This belongs on the investment forum but I’m under the impression most people don’t read that.
I am not a lawyer but this looks like insider trading to me – tell me if I am wrong. Here is the scenario:
Company XYZ that has both public debt and equity attends a debt conference at investment bank ABC in May and presents new information to those in attendance (a select audience). This information is in the form of a slide deck that is not made available to the public via XYZ’s website, and phone call requests for information to XYZ are refused (i.e., they don’t share the presentation). The most recently available deck dates back to January of 2011 and is lacking material information that was available in the May presentation.
Investment bank ABC hosted the conference, received access to the presentation, and kept a copy of the presentation. ABC also happens to be the largest equity holder of XYZ, currently holding about 15% of the outstanding shares. This was a debt conference, but I know for a fact that the presentation circulated within ABC, and they refuse to give it to clients / other shareholders because it’s “too private” (this is what I am told by the equity team I spoke with)
ABC subsequently sells shares of XYZ after the presentation (within the June quarter, per publicly available filing documents – I suppose they could have sold in April or something as well but that’s unlikely).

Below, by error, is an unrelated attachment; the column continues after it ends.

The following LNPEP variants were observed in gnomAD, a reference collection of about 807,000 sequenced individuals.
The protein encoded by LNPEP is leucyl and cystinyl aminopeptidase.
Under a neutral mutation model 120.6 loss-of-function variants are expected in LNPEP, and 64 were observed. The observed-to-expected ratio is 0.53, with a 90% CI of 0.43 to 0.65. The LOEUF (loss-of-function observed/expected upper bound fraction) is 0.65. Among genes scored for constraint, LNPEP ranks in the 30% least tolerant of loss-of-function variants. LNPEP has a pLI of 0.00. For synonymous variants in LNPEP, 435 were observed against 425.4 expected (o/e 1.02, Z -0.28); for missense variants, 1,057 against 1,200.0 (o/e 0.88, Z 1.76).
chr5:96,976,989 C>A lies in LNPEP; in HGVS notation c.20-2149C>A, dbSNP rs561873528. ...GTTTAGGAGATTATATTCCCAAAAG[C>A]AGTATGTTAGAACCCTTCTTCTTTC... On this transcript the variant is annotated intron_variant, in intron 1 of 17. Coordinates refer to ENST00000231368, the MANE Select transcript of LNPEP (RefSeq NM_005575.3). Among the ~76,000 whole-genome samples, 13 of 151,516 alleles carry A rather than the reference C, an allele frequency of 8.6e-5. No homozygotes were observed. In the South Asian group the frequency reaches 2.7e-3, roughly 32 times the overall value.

ABC also sits on the board of directors of XYZ.
To me, this is clearly a violation of Reg FD by XYZ, and probably a violation of insider trading rules for ABC, with the one caveat being that I don’t know when the shares were sold (but I have to assume they were sold after the presentation based on the liquidity profile and amount of shares in question).
Am I wrong? How is it okay for the largest shareholder, that also happens to be an insider, to get preferential access to material information? This seems really fucked up.
Yes, I did, if by access you mean “glanced at the deck for 5 seconds last time I visited the company” which was a couple of weeks ago. I’ve owned stock for a long time and have not traded the shares during that time. It was absolutely material, and I assume other people who trekked all the way out to see this company probably also saw the deck.
It depends on whether the material non-public information already happened. Material information for purposes of insider trading must be presented in factual form, *and* actually occur at some point (i.e., XYZ management could be lying to ABC about the facts). But if ABC can frame it in the form of “based on our analysis we can reasonably expect that H will happen”, then there’s no case. An instance of misappropriation theory required in an insider trading case wouldn’t be established. Therefore, if you’re positive that what you saw was material, already took place and predictably affected your stake, then you have a case, or will have one when it happens in the future.